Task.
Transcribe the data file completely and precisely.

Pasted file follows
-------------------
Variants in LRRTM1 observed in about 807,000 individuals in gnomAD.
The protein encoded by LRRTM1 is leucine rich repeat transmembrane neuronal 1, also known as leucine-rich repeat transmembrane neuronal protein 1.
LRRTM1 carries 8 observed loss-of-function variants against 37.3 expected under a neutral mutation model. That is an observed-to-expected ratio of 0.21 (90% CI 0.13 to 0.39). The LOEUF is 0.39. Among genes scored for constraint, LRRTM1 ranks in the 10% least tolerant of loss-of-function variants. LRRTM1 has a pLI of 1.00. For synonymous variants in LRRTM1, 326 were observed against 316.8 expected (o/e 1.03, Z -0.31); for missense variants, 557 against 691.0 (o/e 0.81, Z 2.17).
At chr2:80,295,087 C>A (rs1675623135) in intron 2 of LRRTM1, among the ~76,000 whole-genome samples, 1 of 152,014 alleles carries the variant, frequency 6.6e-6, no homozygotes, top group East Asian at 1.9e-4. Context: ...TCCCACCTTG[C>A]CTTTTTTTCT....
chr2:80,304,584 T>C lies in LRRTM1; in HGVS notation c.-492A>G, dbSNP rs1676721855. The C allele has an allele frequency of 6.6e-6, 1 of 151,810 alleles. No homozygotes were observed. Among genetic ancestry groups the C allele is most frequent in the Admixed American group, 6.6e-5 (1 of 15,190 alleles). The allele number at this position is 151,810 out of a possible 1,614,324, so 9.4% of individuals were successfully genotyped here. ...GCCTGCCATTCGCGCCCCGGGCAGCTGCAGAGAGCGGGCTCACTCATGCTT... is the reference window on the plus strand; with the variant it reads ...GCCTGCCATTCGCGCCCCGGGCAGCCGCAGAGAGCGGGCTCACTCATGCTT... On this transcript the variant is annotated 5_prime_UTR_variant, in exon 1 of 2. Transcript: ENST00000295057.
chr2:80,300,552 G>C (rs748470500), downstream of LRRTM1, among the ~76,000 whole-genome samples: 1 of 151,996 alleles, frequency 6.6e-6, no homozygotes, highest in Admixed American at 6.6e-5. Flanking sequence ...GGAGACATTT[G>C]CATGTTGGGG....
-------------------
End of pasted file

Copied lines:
Variants in LRRTM1 observed in about 807,000 individuals in gnomAD.
The protein encoded by LRRTM1 is leucine rich repeat transmembrane neuronal 1, also known as leucine-rich repeat transmembrane neuronal protein 1.
LRRTM1 carries 8 observed loss-of-function variants against 37.3 expected under a neutral mutation model. That is an observed-to-expected ratio of 0.21 (90% CI 0.13 to 0.39). The LOEUF is 0.39. Among genes scored for constraint, LRRTM1 ranks in the 10% least tolerant of loss-of-function variants. LRRTM1 has a pLI of 1.00. For synonymous variants in LRRTM1, 326 were observed against 316.8 expected (o/e 1.03, Z -0.31); for missense variants, 557 against 691.0 (o/e 0.81, Z 2.17).
At chr2:80,295,087 C>A (rs1675623135) in intron 2 of LRRTM1, among the ~76,000 whole-genome samples, 1 of 152,014 alleles carries the variant, frequency 6.6e-6, no homozygotes, top group East Asian at 1.9e-4. Context: ...TCCCACCTTG[C>A]CTTTTTTTCT....
chr2:80,304,584 T>C lies in LRRTM1; in HGVS notation c.-492A>G, dbSNP rs1676721855. The C allele has an allele frequency of 6.6e-6, 1 of 151,810 alleles. No homozygotes were observed. Among genetic ancestry groups the C allele is most frequent in the Admixed American group, 6.6e-5 (1 of 15,190 alleles). The allele number at this position is 151,810 out of a possible 1,614,324, so 9.4% of individuals were successfully genotyped here. ...GCCTGCCATTCGCGCCCCGGGCAGCTGCAGAGAGCGGGCTCACTCATGCTT... is the reference window on the plus strand; with the variant it reads ...GCCTGCCATTCGCGCCCCGGGCAGCCGCAGAGAGCGGGCTCACTCATGCTT... On this transcript the variant is annotated 5_prime_UTR_variant, in exon 1 of 2. Transcript: ENST00000295057.
chr2:80,300,552 G>C (rs748470500), downstream of LRRTM1, among the ~76,000 whole-genome samples: 1 of 151,996 alleles, frequency 6.6e-6, no homozygotes, highest in Admixed American at 6.6e-5. Flanking sequence ...GGAGACATTT[G>C]CATGTTGGGG....